There is an interesting dichotomy in Cardinia, and it’s on clear display in Pakenham. On the one hand, there are calls for K-Mart or other big name big businesses – on the other, the hoarse cries to support local, small businesses. Truth be told, as much as I advocate for supporting small business, the inescapable fact of lower prices with big business is hard to say no to.
Don’t get me wrong – there are many small businesses out there thriving; one of the places they are not is the Main Street of Pakenham. Custom is down for most, and there’s no arguing the numbers. The reasons behind it are a bit harder to pin down, but the same ones figure prominently where-ever you go. Big business providing convenience and prices that small business can’t is right up there with them. A lack of innovation in the face of adversity has been touted, as well; while it is maybe not so innovative anymore, having an online presence has not been a priority for many.The traditional advantages of a small business – personal connections to their customers, being quicker to respond to changing conditions and so on – are no longer enough to attract consumers away from the one-stop-shop 5 minutes from home that can be seen in almost every Estate in Pakenham.
So what does it mean? Will Pakenham Main Street, and other shopping areas like it throughout the Shire, become abandoned wastelands of vacant shops, broken windows, graffiti and tumbleweed… only to be rebuilt by unscrupulous developers looking for a quick buck and to continue the cycle? (You can have a look at Council’s ideas by clicking on this link). Many of the traders in Main Street are determined that this won’t happen; several having invested decades into their businesses, and in the new year, the recently reformed Pakenham Business Group will begin working on making sure it does not. I can’t wait for that.In the meantime, is there a more broad, long-term solution to making small business more appealing to us as consumers, and more competitive with the big guys?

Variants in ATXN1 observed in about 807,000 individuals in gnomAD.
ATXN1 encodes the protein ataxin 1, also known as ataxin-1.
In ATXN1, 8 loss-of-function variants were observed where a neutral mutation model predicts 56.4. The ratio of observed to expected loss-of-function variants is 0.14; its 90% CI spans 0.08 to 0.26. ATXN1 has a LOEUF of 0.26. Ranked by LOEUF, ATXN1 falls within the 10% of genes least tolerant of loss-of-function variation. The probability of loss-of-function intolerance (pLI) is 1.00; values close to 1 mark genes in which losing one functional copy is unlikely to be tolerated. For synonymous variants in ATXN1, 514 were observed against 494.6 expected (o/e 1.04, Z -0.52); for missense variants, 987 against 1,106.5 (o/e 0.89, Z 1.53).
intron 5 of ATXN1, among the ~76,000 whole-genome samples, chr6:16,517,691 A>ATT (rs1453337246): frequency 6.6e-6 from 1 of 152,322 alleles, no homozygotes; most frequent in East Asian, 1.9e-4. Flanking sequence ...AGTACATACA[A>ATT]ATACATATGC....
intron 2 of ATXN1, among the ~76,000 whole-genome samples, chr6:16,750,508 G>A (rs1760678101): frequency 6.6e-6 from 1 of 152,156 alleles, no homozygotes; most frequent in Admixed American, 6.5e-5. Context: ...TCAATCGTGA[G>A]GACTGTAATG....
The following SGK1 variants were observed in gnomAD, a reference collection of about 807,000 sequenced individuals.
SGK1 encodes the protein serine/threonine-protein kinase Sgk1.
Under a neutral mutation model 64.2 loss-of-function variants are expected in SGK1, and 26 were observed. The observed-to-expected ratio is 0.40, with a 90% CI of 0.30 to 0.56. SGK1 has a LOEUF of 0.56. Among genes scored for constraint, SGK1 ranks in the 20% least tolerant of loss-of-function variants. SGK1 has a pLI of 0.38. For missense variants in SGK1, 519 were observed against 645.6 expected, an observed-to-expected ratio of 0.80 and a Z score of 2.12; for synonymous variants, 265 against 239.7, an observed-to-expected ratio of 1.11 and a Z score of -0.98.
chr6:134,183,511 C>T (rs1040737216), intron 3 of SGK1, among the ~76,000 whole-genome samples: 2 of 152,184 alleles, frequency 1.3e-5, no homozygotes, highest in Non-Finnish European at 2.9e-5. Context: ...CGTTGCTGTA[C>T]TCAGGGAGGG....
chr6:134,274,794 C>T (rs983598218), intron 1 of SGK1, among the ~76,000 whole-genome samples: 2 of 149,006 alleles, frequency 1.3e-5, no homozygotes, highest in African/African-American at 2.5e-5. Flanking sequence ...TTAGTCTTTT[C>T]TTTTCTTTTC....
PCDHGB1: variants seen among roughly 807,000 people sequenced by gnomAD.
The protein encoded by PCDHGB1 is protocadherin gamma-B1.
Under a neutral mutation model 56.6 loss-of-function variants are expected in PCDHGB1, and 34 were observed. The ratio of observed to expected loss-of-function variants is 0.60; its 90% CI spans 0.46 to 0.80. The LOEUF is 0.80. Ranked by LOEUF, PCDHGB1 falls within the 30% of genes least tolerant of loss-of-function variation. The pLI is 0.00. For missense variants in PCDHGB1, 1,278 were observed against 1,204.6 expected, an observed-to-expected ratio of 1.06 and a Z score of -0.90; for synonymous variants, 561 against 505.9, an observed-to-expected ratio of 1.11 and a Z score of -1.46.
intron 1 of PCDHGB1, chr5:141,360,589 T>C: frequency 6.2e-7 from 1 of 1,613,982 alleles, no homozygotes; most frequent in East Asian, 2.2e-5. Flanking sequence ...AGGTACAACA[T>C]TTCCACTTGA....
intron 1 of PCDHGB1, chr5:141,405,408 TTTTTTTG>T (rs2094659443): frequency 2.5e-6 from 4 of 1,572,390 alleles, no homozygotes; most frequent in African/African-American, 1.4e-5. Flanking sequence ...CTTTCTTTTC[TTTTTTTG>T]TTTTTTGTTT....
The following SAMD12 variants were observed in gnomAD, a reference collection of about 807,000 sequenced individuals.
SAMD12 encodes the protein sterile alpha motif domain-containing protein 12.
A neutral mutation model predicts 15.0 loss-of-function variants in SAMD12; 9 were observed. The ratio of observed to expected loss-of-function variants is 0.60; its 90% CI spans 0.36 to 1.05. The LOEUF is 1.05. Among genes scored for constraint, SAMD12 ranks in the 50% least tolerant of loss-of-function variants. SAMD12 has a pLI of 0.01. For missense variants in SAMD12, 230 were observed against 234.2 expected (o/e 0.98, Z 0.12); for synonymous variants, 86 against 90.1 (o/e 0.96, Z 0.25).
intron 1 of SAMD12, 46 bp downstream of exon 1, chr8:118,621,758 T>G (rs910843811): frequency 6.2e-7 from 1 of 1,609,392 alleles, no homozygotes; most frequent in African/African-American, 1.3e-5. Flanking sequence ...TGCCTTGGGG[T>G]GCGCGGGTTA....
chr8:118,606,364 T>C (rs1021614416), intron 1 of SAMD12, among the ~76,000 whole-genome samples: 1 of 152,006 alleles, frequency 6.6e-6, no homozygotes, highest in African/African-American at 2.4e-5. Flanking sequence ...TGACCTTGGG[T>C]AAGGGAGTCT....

Well, yes. The real question is, is who is prepared to make the effort?Groups like the Lang Lang Business Group and the reforming Pakenham Business Group will be essential, because it will take a concerted, communal effort to make it happen.
If you run a business, join one and be an active part of it. (There’s a list at the end of this article – feel free to let me know if there are any I’ve missed). Remember – united we stand, divided we fall!
If you’re a consumer or customer, stop and think for a moment – are you really that pressed for time and money? No judgement if you are – I can certainly relate.
As a small business owner, explore what (else) you could do – by yourself or with other like-minded owners – to encourage people to come your way.
As a consumer, be mindful and educated about where we spend our time and money, and the wider effects it has on the entire community.
Support each other. With business. With advice. With ideas. With referrals. Your neighbour is your lifeblood.
Be open to new ideas and new ways of doing things, even if they’re not your own ideas, or the way you’ve been doing it for the last X years
Be digitally active – get a website, or upgrade/renew it, be present and active on Social Media
For traders in the Main Street of Pakenham, if you haven’t already, you can sign up here.